September 01, 2016

Non-Fiction Books I Read In August

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My Name Is Girl – Nina Cosford

I’ve loved Nina’s work ever since she started drawing the GIRLS HBO weekly illustrations for The Debrief.  I went to a GIRLS HBO event once and she’d illustrated the postcards and I put them all around my room. Fast forward to now, she has her own book called My Name Is Girl and it’s fantastic. It digs into the inner workings of the female mind in a light-hearted and fun way. Curl up on the sofa and flick through. It’ll warm your heart but also it’s extremely relatable.

You can buy your copy here.

Not Working – Lisa Owens

This book is funny and rather #on #trend. Lisa Owens has written a very modern novel all about what happens when you quit your job to find your true calling but it doesn’t really go according to plan straight way. I love how it’s written in a journal-entry kind of style. I knew I’d love it; any book about a young woman trying to work out wtf she is doing in her career/life/everything is pretty much definitely going to appeal to me. I think there’s a bit of Claire Flannery in all of us.

You can buy your copy here.

The Girl With The Lower Back Tattoo – Amy Schumer

You can read my whole blog post dedicated to how much I adore this book right HERE. 15 reasons why you are going to adore it and all the different revealing essays. It pleasantly surprised me over and over again – I judged this book by it’s cover, and I shouldn’t have.

You can buy your copy here.

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The Pursuit Of Happiness – Ruth Whippman

I interviewed Ruth for my podcast recently, coming soon! We mainly talk about the theme of “happiness” for 40 minutes because isn’t being happy THE main thing in life? And we discussed the question: is searching for “happiness” making us anxious? Ruth’s book goes into a lot of brilliant detail around the metrics and currency of happiness and the differences between how British and American people search for it. Yes it’s a book full of research and studies and proposed ideas but it’s also very funny, too.

You can buy your copy here.

The Last Act Of Love – Cathy Rentzenbrink

I cried five rivers reading this. I knew it would be moving (all you have to do is read the blurb and you have a lump in your throat) but this isn’t just a painfully sad storyline, it’s an amazingly written book. The structure, the sentences, the symbolism, the pace; it was just perfect. I would pause on a thought and I took my time reading it because it’s so beautifully written. It’s brave and full of rawness. It’s both vulnerable and strong. This is now on my “favourite memoirs” list. You will think about it long after you finish the last page.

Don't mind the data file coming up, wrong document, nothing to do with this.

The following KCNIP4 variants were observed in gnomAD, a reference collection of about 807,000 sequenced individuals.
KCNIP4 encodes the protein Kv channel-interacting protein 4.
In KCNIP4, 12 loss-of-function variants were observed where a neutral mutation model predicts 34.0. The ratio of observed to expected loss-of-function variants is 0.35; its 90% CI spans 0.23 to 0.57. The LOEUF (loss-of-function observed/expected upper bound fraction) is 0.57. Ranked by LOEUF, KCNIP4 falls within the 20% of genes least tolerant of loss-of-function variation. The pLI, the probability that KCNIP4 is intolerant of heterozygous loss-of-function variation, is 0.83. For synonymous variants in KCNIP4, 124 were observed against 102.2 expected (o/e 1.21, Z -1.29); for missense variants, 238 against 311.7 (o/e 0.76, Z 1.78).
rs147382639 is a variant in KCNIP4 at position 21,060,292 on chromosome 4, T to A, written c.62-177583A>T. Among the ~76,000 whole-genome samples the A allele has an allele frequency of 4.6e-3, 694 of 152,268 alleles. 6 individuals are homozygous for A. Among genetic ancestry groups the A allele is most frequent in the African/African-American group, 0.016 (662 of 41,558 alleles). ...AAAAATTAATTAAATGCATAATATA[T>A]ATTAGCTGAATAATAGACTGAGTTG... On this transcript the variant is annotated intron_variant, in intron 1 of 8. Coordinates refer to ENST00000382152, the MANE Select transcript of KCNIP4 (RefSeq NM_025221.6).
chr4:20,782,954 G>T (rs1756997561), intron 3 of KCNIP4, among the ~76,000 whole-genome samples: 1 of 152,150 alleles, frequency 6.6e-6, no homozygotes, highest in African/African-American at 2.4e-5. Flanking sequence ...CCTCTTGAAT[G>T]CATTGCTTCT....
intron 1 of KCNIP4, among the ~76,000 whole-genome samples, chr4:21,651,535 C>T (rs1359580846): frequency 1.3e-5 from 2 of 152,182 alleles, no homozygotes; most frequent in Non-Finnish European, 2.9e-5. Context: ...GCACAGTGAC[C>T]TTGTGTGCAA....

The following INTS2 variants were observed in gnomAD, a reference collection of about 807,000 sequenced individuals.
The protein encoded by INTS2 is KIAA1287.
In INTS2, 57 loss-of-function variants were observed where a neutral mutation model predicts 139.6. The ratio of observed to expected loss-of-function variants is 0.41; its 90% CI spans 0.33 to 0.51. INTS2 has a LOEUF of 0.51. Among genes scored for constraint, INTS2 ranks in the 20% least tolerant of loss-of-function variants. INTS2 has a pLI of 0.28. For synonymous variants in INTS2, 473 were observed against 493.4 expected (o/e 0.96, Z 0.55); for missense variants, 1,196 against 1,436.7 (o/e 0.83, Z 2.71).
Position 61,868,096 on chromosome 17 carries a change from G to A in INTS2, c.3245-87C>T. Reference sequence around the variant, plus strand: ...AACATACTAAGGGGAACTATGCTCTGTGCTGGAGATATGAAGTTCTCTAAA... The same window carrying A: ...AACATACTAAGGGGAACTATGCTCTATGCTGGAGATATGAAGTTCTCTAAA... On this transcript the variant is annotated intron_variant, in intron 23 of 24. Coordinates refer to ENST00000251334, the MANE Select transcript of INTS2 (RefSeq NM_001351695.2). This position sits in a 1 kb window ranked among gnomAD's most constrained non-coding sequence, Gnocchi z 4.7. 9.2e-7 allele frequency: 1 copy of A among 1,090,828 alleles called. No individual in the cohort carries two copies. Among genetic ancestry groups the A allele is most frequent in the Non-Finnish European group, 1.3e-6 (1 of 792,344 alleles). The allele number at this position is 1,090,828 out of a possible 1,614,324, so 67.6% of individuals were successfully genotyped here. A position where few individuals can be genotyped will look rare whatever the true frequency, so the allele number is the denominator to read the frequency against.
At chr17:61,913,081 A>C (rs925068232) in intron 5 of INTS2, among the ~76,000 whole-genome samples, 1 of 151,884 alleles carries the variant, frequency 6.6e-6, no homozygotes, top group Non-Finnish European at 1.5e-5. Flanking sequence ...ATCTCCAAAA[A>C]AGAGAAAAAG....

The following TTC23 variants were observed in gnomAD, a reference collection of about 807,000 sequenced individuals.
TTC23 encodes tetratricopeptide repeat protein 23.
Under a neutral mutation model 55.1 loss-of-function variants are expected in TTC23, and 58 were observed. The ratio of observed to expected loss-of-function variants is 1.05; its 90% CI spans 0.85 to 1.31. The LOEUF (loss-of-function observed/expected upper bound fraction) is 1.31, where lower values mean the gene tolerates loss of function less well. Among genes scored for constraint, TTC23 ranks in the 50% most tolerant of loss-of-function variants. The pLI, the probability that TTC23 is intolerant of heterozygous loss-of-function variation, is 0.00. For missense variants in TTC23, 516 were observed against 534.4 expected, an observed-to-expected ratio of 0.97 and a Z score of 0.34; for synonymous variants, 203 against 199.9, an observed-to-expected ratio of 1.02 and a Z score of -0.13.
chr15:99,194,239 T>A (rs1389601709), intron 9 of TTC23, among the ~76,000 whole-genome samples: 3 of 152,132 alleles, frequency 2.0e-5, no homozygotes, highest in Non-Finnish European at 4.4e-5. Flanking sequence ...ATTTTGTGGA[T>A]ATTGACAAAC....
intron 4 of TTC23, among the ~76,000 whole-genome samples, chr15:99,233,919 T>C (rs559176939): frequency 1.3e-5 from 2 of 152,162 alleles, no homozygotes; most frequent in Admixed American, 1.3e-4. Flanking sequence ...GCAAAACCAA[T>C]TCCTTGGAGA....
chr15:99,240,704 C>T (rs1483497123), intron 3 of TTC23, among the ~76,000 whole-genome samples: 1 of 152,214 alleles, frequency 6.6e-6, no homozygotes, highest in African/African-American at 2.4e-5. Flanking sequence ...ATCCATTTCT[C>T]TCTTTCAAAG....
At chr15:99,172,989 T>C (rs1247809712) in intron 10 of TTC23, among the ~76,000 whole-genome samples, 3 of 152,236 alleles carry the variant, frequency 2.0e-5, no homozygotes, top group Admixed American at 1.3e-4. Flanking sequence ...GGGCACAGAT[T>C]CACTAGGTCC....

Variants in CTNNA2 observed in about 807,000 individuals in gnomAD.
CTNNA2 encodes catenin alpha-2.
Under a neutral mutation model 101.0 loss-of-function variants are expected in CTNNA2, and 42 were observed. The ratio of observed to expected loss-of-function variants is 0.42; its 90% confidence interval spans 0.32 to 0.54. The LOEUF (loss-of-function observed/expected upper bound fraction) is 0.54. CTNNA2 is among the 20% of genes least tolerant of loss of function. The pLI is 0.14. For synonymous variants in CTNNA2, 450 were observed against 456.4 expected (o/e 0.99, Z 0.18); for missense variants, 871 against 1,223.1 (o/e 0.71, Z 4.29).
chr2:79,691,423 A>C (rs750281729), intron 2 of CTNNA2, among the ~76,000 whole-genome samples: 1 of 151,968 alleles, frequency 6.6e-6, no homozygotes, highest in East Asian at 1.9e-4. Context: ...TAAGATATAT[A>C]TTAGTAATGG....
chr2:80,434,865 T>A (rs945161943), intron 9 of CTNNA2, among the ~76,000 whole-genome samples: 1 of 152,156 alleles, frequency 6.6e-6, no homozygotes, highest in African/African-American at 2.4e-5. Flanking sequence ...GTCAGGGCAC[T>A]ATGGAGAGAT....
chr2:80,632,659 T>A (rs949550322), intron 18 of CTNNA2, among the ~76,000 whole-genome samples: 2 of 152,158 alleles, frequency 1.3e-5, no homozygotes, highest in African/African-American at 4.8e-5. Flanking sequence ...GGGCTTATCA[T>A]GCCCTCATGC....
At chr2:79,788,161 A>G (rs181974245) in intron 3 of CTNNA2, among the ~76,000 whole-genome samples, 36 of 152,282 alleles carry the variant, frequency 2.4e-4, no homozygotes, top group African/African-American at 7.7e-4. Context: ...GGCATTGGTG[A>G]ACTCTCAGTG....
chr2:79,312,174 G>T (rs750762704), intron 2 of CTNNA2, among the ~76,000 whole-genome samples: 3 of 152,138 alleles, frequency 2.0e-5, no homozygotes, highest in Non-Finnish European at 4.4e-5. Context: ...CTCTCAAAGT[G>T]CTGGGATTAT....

You can buy your copy here.

Where Am I Now? Mara Wilson

GUESS WHO’S COMING ON MY PODCAST? It goes live on September 13th and I can’t wait to share it with you. I love Mara Wilson and have loved her blog for years. Her writing is sharp and witty and her Twitter feed is on point too. In her debut book she pulls back the curtain on her past life as a child star and writes in a sisterly way about her past self. She doesn’t hold back, you learn a lot about Mara, her beliefs, opinions, and her forgiving nature. A famous former child star shouldn’t be relatable, but she is. She writes as your friend. She is one of my favourite women and I’m so proud of her for writing such a fantastic book.

You can buy your copy here.

Cheer Up Love – Susan Calman

Cheer Up, Love offers her own lessons and advice, and ways she managed to her curb her depression through small changes made to her lifestyle (CBT, not drinking and exercise). Maybe you could call this a guidebook of sorts, although she stresses it’s not a medical book and that different things work for different people. Her book is mainly for fellow sufferers of depression – but also for the people who are partners/friends/acquaintances of someone with depression. I saw Susan speak on a panel at the Edinburgh Book Festival (you can read my post here) and I found her totally vulnerable, funny, endearing and honest.

You can buy your copy here.

Currently reading….

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The Little Book Of Hygge – Meik Wiking

If I hear the word “wellness” one more time I might puke, but this book looks really cute and inoffensive. I like the word Hygge. It looks adorable and like it genuinely might offer me some good tips. Will report back, soon! The blurb on Amazon says: “You know hygge when you feel it. It is when you are cuddled up on a sofa with a loved one, or sharing comfort food with your closest friends. It is those crisp blue mornings when the light through your window is just right.”

You can buy your copy here.

Feminist Fight Club – Jessica Bennett

The tagline on this book is “an office survival manual for a sexist workplace”. This book has been sent to me by the publisher and I’m looking forward to digging in. I took one look at this quote: ‘Engaging, hilarious and practical – I will proudly proclaim myself a card-carrying member of the FFC’ from Sheryl Sandberg and was immediately intrigued.

You can buy your copy here.

Trainwreck – Sady Doyle

I cannot WAIT to read this. “Widely-admired journalist and feminist Sady Doyle looks at the phenomena of the female trainwreck – from Mary Wollstonecraft and Charlotte Brontë to Billie Holiday and Britney Spears – and why we are fascinated by her.” YESSSSS.

You can buy your copy here

My Book

“In love with Emma Gannon’s Ctrl Alt Delete. So funny & smart, and reminding me of some of my own cringe teen Internet exploits!”

– Anna James, former literary editor of ELLE

"Funny, honest, and nostalgic!"

– The Debrief

“Emma Gannon is a bright spark of light in the world. I seriously dig everything she makes”

– Elizabeth Gilbert, bestselling author of Big Magic